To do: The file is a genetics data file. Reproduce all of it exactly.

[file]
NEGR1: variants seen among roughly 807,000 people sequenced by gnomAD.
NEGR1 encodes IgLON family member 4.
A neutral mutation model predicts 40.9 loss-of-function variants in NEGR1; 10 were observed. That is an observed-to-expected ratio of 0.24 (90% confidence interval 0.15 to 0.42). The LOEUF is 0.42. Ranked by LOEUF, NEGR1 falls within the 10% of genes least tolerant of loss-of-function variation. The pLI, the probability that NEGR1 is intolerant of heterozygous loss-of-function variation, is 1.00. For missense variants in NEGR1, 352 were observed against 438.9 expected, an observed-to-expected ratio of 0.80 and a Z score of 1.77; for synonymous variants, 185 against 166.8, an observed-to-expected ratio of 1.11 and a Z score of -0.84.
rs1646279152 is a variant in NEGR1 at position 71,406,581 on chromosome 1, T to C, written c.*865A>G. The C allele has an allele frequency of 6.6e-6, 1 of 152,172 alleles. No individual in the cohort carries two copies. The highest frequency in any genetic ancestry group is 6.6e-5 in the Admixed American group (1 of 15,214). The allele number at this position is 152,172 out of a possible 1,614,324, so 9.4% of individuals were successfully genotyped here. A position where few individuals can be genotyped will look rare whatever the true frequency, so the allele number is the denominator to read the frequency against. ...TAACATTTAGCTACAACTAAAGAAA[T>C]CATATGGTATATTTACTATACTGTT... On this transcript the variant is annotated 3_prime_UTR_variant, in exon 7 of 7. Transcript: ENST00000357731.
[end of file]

NEGR1: variants seen among roughly 807,000 people sequenced by gnomAD.
NEGR1 encodes IgLON family member 4.
A neutral mutation model predicts 40.9 loss-of-function variants in NEGR1; 10 were observed. That is an observed-to-expected ratio of 0.24 (90% confidence interval 0.15 to 0.42). The LOEUF is 0.42. Ranked by LOEUF, NEGR1 falls within the 10% of genes least tolerant of loss-of-function variation. The pLI, the probability that NEGR1 is intolerant of heterozygous loss-of-function variation, is 1.00. For missense variants in NEGR1, 352 were observed against 438.9 expected, an observed-to-expected ratio of 0.80 and a Z score of 1.77; for synonymous variants, 185 against 166.8, an observed-to-expected ratio of 1.11 and a Z score of -0.84.
rs1646279152 is a variant in NEGR1 at position 71,406,581 on chromosome 1, T to C, written c.*865A>G. The C allele has an allele frequency of 6.6e-6, 1 of 152,172 alleles. No individual in the cohort carries two copies. The highest frequency in any genetic ancestry group is 6.6e-5 in the Admixed American group (1 of 15,214). The allele number at this position is 152,172 out of a possible 1,614,324, so 9.4% of individuals were successfully genotyped here. A position where few individuals can be genotyped will look rare whatever the true frequency, so the allele number is the denominator to read the frequency against. ...TAACATTTAGCTACAACTAAAGAAA[T>C]CATATGGTATATTTACTATACTGTT... On this transcript the variant is annotated 3_prime_UTR_variant, in exon 7 of 7. Transcript: ENST00000357731.